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Peter Drucker’s short work, Managing Oneself, has provided me with great material for self-management. Near the end of the article, Drucker touches on the concept of how to prepare for the second half of your life by developing a parallel career.

Many of my clients are at the age where they are thinking about the second half of their lives, so I thought I’d write up some brief thoughts on how to best prepare for your most productive years of work.

In the term “knowledge worker”, Drucker referred those whose work did not require manual labor, as in times past. In the industrial age, retirement meant doing nothing, since much of the work then meant 40+ years of manual labor. But what about in today’s world where many workers are educated and by the time they reach the second half of their lives, they are just starting to have wisdom to contribute?

Drucker said that those who manage the second half of their lives are in the minority because most people retire on the job. However, he said, the minority of men and women who see this second half of their lives as an opportunity for themselves and society, they are the ones who will become leaders and models. How does this happen?

 

The perquisite for living this kind of life is to begin long before entering it. For instance, if you don’t volunteer your time before you are 40, you most likely will not do it after you are 60. Drucker says that most knowledge workers who manage the second half of their lives will start this transition around 35. He uses the example of a successful lawyer who was a counsel to a large corporation who started a venture to establish model schools in his state. He began to do volunteer legal work at 35, was elected to the school board at 40 and by the time he was 50 had amassed a small fortune. Then he started his own enterprise to build an run model schools.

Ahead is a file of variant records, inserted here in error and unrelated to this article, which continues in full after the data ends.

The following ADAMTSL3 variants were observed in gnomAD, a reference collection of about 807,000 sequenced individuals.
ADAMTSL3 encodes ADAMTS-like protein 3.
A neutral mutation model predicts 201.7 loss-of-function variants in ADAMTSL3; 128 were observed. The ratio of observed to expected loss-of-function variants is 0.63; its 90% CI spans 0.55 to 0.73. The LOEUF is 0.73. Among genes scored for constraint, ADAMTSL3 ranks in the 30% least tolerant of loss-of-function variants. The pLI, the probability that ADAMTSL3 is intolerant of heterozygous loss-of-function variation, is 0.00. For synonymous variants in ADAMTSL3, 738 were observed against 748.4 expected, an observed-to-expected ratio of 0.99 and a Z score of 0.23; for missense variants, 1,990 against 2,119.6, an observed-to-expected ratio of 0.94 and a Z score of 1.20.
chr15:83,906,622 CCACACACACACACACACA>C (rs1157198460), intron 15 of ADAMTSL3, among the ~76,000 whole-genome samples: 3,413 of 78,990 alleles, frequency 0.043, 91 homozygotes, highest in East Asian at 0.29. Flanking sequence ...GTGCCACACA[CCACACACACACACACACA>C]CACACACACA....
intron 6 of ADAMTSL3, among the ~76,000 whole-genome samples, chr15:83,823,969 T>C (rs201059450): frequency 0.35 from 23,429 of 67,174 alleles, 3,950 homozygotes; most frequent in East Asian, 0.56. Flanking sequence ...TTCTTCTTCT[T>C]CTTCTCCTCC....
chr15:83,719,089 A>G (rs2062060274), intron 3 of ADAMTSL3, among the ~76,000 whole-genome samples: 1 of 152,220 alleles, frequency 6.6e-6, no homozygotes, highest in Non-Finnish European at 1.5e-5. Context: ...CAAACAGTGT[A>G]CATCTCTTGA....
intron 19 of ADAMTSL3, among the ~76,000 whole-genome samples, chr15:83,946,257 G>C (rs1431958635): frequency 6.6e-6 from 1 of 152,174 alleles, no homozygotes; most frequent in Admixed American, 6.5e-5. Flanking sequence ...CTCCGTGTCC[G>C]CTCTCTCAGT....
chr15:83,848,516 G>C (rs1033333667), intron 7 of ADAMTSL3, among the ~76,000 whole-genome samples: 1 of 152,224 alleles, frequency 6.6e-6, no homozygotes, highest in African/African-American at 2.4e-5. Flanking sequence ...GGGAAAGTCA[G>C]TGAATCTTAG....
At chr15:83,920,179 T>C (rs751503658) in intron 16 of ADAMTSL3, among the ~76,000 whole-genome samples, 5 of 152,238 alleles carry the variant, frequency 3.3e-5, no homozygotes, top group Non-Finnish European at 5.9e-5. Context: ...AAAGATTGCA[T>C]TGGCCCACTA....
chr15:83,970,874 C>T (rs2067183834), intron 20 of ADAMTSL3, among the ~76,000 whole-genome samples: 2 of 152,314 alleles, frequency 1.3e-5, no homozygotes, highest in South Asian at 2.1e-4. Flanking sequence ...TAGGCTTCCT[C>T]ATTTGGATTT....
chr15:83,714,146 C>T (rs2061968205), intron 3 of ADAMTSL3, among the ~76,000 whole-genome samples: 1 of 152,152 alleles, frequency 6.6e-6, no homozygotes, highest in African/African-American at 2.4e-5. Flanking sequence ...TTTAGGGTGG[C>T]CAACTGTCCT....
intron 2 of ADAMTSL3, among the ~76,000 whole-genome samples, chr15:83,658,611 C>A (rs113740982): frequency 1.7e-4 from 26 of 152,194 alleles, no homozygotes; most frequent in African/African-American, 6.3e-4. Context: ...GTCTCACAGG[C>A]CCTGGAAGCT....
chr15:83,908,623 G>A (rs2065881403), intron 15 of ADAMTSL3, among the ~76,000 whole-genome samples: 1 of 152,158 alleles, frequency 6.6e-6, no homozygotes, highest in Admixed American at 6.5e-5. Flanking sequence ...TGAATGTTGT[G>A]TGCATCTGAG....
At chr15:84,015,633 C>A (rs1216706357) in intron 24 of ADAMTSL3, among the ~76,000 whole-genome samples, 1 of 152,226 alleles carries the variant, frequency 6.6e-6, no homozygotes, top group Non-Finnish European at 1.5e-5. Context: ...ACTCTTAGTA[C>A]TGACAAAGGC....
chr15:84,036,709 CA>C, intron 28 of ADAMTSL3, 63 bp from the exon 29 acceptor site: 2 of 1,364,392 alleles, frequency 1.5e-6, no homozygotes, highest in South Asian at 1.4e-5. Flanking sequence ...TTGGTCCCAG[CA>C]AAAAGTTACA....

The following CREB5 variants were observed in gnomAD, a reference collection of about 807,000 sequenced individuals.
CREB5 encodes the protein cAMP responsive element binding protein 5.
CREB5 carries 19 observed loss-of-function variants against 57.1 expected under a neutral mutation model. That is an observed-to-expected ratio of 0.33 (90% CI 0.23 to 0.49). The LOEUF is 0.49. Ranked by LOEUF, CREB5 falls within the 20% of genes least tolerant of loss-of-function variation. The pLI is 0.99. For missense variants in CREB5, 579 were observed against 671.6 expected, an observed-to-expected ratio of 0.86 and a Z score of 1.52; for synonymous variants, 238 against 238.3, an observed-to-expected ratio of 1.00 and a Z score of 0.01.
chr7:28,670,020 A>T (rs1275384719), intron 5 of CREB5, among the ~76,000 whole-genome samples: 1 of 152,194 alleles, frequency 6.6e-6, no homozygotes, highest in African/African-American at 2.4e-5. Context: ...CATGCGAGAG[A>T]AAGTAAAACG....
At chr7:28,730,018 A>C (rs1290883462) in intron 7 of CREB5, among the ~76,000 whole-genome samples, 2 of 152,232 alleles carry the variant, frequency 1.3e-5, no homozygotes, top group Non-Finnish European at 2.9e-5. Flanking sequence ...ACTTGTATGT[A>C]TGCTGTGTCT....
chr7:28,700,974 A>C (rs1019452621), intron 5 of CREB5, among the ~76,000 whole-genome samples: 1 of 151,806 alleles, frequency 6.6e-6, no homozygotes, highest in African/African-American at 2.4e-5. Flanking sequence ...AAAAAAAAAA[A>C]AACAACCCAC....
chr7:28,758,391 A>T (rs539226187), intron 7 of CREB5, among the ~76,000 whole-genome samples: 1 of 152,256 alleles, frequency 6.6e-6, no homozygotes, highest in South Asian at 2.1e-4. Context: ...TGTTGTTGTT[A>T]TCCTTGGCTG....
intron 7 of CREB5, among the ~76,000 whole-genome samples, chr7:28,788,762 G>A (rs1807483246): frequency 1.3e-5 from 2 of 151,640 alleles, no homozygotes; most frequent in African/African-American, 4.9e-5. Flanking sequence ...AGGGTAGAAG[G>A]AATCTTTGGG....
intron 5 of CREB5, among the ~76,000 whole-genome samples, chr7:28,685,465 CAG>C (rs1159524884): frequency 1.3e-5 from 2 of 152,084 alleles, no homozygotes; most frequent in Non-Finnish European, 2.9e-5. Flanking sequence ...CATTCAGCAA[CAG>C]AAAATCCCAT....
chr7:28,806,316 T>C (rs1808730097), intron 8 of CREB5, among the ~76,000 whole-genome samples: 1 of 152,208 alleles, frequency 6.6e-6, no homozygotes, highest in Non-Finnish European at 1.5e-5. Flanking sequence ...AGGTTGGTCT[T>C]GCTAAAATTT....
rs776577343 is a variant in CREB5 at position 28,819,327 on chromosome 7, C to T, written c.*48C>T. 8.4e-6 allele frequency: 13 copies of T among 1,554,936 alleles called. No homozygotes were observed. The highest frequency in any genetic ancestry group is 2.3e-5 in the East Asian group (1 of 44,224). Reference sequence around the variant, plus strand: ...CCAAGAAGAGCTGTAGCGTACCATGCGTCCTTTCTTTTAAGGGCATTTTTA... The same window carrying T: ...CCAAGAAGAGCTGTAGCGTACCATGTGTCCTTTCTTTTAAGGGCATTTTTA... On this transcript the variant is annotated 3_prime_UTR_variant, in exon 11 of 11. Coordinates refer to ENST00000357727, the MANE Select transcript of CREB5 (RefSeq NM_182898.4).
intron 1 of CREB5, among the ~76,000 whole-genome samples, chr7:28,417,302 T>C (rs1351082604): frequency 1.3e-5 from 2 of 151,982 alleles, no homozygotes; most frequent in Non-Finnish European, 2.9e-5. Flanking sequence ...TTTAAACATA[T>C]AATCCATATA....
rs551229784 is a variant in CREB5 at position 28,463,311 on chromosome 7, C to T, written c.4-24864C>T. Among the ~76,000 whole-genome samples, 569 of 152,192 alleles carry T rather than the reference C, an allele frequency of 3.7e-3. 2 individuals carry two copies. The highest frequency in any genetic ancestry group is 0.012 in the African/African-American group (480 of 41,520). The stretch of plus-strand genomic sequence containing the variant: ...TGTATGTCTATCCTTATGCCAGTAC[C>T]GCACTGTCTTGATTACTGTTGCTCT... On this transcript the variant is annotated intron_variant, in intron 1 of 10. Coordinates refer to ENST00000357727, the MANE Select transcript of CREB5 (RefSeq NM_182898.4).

Drucker believed that developing a parallel career usually worked this way: a successful for-profit leader would make a transition to develop a parallel career in the non-profit field or become a social entrepreneur. Why? Simply put, they love their work, but it no longer challenges them. In developing a parallel career, these leaders will keep doing what they have been doing all along, but will spend less time doing it.

In my case, it actually worked the other way around. I worked for 15 years in faith based organizations before starting my own coaching business in the for-profit world. Why? It wasn’t that I wasn’t challenged or wasn’t growing, but I wanted to further develop my leadership skills for the second half of my life. Currently, while I work in the for-profit world, I still very much maintain active leadership in the world of faith-based organizations. I even keep a regular blog about my adventures, if you are interested.

What about you? Have you begun thinking about the second half of your life? I’d encourage you to look into non-profits you resonate with. Offer your leadership to whatever faith community you might be connected with. Start now, don’t wait. You may or may not feel you are contributing in your area of expertise at your job. Whatever your case, you have unique gifts to offer the world. Studies show that it’s vitally important for you and your family that you contribute your gifts in your community.

If you are resonating with this article and don’t know where to begin, consider coaching. If you are thinking specifically of an area you’d like to contribute your skills, take that step toward preparing for the second half of your life. Do it for the betterment of your community and your overall well-being.